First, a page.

You will also recall I mentioned earlier that in Shadowlands, physical character customization is being overhauled. The special form appearances druids have been earning, both from glyphs and well as other rewards, will be available when creating a new druid, or from the in-game barber shop for existing characters.
So let’s mix this all together.
New Collections tab
First, we’re going to need to add a new tab to Collections for glyphs, since that’s where players are going for cosmetics. Glyphs would be “learned” instead of applied and thus would no longer be one-time use. They would apply account-wide, and thus your multiple mages could all have access to the same glyphs, for example. But the user experience of this new tab is easier said than done.
When a player browses glyphs, do they need to see glyphs for all character classes or for just their current class? The Heirlooms tab allows the former, since any character can upgrade the max level of any heirloom at any time. The Appearances tab, on the other hand, only shows the weapons and armor available to the current class. Would you be able to filter by specialization, so that the Arms or Fury warrior doesn’t have to see shield ability glyphs?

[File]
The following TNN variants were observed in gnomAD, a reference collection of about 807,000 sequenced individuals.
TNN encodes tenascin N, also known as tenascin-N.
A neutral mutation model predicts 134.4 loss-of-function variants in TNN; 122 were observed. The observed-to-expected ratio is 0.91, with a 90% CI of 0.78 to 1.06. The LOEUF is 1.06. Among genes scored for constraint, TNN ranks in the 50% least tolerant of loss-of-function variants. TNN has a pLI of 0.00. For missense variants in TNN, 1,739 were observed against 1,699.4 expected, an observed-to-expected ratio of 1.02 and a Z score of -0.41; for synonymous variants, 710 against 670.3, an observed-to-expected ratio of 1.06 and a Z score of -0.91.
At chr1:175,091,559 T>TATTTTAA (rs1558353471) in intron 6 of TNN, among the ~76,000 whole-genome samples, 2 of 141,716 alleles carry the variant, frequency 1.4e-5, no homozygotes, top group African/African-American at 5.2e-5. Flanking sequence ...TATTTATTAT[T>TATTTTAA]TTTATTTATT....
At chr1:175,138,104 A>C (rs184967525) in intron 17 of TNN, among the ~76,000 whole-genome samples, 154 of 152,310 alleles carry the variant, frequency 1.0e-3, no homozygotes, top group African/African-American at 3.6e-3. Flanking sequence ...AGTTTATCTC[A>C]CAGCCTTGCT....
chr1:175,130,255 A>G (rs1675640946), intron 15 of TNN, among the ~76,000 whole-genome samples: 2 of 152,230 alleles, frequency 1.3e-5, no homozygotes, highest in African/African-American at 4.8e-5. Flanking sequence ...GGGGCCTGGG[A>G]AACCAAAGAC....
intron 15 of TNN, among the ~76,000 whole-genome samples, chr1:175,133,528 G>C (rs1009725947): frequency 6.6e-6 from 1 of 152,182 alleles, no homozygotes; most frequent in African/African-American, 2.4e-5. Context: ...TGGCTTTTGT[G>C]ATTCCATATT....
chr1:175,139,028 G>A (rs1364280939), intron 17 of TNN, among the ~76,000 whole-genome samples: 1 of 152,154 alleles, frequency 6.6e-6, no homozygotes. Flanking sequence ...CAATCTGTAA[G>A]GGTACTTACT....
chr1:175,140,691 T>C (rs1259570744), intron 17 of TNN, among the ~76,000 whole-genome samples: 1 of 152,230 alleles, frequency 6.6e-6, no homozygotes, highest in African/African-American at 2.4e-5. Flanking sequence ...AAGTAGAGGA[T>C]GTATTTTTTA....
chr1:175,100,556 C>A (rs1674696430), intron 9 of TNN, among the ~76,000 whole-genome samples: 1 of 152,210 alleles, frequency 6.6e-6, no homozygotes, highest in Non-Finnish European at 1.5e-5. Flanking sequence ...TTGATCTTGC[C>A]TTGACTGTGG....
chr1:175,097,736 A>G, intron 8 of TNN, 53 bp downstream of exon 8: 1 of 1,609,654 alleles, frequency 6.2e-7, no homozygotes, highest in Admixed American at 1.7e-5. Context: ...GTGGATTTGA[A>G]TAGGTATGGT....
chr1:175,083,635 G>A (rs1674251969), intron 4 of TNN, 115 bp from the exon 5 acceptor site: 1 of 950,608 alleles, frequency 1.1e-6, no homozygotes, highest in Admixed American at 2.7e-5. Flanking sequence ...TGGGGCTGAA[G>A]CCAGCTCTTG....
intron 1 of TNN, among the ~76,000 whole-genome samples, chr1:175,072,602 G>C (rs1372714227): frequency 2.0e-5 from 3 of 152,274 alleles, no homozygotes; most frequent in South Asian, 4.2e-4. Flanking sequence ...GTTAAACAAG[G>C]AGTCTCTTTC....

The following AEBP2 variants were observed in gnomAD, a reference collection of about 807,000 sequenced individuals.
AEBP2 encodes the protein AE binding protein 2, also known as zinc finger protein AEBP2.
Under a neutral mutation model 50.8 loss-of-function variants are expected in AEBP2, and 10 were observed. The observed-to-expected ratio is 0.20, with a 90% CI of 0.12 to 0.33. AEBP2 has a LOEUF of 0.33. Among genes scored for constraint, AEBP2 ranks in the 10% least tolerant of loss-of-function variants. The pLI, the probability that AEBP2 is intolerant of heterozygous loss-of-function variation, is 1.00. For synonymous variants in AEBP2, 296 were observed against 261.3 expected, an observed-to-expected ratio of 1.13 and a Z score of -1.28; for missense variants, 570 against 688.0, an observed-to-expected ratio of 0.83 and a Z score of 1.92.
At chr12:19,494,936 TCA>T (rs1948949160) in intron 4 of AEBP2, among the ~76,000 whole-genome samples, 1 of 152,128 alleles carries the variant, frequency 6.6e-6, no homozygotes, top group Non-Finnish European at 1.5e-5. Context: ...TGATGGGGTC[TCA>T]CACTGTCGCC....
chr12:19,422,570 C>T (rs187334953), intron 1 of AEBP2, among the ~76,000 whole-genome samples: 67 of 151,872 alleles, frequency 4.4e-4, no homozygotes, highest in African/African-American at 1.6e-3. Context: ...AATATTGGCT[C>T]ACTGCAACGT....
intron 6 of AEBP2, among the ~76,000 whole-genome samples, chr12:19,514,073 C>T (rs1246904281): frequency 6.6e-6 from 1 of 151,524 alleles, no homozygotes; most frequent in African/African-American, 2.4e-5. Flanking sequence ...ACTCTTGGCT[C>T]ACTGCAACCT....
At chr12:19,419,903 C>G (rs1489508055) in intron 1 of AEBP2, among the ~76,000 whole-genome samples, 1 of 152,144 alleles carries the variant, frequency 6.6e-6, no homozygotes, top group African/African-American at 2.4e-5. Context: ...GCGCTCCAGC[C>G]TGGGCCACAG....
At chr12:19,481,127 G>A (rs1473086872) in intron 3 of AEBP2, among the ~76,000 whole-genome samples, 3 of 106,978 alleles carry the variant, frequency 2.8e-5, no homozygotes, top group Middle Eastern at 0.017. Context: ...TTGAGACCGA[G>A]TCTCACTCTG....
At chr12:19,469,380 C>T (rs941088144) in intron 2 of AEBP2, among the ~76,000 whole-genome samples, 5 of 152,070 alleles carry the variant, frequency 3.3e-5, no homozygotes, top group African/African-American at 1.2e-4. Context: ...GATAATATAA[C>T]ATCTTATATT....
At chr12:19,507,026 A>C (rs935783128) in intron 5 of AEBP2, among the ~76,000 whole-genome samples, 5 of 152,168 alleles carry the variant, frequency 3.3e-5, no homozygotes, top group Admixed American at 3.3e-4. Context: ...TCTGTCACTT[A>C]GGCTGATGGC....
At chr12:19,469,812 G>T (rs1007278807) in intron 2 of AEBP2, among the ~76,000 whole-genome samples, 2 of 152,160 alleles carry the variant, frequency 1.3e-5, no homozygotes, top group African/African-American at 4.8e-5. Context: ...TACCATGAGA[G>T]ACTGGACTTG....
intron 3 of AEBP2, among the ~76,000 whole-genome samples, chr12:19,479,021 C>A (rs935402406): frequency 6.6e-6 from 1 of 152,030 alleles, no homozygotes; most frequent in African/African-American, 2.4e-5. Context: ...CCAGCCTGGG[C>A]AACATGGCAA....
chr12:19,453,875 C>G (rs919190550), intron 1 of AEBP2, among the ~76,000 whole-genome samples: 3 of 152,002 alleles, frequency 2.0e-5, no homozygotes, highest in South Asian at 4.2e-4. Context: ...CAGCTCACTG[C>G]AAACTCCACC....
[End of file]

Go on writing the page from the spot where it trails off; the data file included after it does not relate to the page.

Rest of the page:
How would a player browse glyphs? Taking a page from the Spellbook, and from Path of Exile, I would say by spell/ability. For example, if I want to customize Charge, I will look for Charge (browsing to C or typing it in search) and expect a popout menu or dropdown to see my options, as well as the “default” appearance. I would expect to see both collected and uncollected glyphs and where I can obtain the latter.
With this system we can also now allow a glyph’s effect to apply to multiple spells and abilities, and mix and match, much like Path of Exile. For example, for warriors, there are multiple “shout” abilities, and multiple glyphs that can apply different effects when you shout, like terrifying nearby critters or briefly levitating you in the air. We could apply one of these effects to all of the shout abilities or use multiple ones.